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Some electronics to be banned on some US-bound flights





  • Passengers aboard Royal Jordanian Airlines have been banned from bringing certain electronic devices on US-bound flights 
  • The ban includes laptops, iPads, cameras and other similar devices 
  • The items will need to be in a checked bag in order to bring to the United States
  • It's unclear what prompted the ban or what other countries it will apply 
  • It applies to incoming Royal Jordanian flights to Chicago, New York City,  

By Associated Press and Anna Hopkins For Dailymail.com

Published: 16:34 EDT, 20 March 2017 | Updated: 18:08 EDT, 20 March 2017

The US government is barring passengers on Royal Jordanian Airlines flights from bringing laptops, iPads, cameras and other electronics in carry-on luggage on certain U.S.-bound flights starting Tuesday, the airline said in a tweet on Monday.

The airline said cellphones and medical devices are excluded from the ban. Everything else would need to be packed in checked luggage.

It is unclear what other countries and airlines the ban will apply to, how long it will be in place or what prompted it. 

The US government is barring passengers on Royal Jordanian Airlines flights from bringing laptops, iPads, cameras and other electronics in carry-on luggage on certain U.S.-bound flights starting Tuesday The US government is barring passengers on Royal Jordanian Airlines flights from bringing laptops, iPads, cameras and other electronics in carry-on luggage on certain U.S.-bound flights starting Tuesday

The US government is barring passengers on Royal Jordanian Airlines flights from bringing laptops, iPads, cameras and other electronics in carry-on luggage on certain U.S.-bound flights starting Tuesday

The airline has since deleted their Twitter post announcing the ban but many shocked social media users documented the initial message.

Homeland Security Secretary John Kelly phoned lawmakers over the weekend to brief them on aviation security issues that have prompted the impending electronics ban, according a congressional aide briefed on the discussion. 

The aide was not authorized to speak publicly about the issue and spoke on the condition of anonymity.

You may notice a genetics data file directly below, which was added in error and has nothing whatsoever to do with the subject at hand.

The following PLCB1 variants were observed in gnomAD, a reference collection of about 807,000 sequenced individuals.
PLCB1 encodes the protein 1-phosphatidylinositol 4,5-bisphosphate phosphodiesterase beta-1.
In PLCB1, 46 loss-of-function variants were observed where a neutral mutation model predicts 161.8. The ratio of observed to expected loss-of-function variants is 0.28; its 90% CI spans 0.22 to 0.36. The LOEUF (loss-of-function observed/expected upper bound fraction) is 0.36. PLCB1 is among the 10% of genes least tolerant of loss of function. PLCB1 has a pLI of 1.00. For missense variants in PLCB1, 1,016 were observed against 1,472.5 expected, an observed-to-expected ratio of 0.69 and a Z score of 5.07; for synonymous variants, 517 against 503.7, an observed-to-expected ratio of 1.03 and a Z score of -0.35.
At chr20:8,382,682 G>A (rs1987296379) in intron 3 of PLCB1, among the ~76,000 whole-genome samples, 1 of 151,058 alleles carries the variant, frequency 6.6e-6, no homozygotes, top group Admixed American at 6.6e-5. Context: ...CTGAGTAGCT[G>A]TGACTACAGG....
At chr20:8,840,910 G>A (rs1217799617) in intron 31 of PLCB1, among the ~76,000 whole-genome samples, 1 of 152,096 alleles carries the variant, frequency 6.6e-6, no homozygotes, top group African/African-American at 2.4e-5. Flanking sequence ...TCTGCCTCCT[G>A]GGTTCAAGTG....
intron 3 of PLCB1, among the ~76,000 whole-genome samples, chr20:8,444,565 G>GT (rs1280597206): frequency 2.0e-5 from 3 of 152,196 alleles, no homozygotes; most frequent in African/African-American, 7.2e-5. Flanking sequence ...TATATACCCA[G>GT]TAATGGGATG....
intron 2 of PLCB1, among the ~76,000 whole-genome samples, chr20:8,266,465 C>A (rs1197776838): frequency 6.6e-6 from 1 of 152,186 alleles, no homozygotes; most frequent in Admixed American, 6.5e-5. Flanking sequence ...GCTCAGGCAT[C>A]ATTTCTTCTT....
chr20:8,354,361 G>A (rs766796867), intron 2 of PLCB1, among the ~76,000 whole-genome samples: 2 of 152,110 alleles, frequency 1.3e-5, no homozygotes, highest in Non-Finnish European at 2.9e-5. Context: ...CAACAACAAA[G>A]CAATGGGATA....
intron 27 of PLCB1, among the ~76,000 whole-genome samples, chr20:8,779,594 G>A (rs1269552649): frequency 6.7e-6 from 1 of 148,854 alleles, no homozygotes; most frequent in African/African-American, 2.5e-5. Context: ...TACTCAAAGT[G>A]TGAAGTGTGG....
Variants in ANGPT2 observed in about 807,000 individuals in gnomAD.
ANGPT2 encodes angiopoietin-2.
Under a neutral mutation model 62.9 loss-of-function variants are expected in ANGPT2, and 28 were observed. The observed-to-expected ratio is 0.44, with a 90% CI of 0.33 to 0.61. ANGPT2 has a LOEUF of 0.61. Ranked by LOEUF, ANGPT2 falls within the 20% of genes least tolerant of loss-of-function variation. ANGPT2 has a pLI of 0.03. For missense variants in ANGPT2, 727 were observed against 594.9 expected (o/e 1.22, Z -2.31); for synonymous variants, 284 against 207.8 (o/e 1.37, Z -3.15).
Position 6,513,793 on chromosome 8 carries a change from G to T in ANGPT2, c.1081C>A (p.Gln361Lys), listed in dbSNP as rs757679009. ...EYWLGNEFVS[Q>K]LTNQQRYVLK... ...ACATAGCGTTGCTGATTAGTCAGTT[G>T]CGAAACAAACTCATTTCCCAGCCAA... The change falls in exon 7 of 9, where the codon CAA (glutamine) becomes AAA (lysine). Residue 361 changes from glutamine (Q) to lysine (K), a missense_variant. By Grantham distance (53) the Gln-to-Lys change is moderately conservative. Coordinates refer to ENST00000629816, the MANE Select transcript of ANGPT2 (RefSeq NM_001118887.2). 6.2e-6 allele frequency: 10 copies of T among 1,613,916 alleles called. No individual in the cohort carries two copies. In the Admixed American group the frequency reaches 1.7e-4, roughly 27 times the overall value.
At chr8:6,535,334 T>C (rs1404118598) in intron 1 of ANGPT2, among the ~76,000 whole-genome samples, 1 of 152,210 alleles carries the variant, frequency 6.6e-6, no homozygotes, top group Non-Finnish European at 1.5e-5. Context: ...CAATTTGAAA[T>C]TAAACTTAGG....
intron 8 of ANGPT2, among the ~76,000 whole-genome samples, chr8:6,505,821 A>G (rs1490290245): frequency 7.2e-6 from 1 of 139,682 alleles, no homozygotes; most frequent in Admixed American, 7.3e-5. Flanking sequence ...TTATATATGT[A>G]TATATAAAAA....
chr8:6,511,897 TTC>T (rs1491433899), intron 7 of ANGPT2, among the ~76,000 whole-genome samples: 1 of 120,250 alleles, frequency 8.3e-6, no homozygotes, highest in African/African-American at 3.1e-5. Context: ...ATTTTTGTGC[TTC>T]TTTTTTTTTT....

A U.S. government official said such a ban has been considered for several weeks. The official spoke on the condition of anonymity to disclose the internal security discussions by the federal government.

David Lapan, a spokesman for Homeland Security Department, declined to comment.

A U.S. government official said such a ban has been considered for several weeks. The official spoke on the condition of anonymity to disclose the internal security discussions by the federal government A U.S. government official said such a ban has been considered for several weeks. The official spoke on the condition of anonymity to disclose the internal security discussions by the federal government

A U.S. government official said such a ban has been considered for several weeks. The official spoke on the condition of anonymity to disclose the internal security discussions by the federal government

'We have no comment on potential security precautions, but will provide any update as appropriate,' Lapan said in an email.

The Transportation Security Administration, part of Homeland Security, also declined to comment.

Royal Jordanian said the electronics ban affects its flights to New York, Chicago, Detroit and Montreal.

An aviation security expert said the policy would raise other safety issues.

 The airline said cellphones and medical devices are excluded from the ban. Everything else would need to be packed in checked luggage  The airline said cellphones and medical devices are excluded from the ban. Everything else would need to be packed in checked luggage

 The airline said cellphones and medical devices are excluded from the ban. Everything else would need to be packed in checked luggage

'There would be a huge disadvantage to having everyone put their electronics in checked baggage,' said Jeffrey Price, a professor at Metropolitan State University of Denver. He said thefts from baggage would skyrocket, as when England tried a similar ban in 2006, and 'some laptops have batteries that can catch fire and it's easier to detect it when it's in the cabin rather than burning in the hold.'

However, there are also advantages to screening items in checked baggage instead of as carry-on luggage.

Most major airports in the United States have a computer tomography or CT scanner for checked baggage, which creates a detailed picture of a bag's contents. They can warn an operator of potentially dangerous material, and may provide better security than the X-ray machines used to screen passengers and their carry-on bags. 

 


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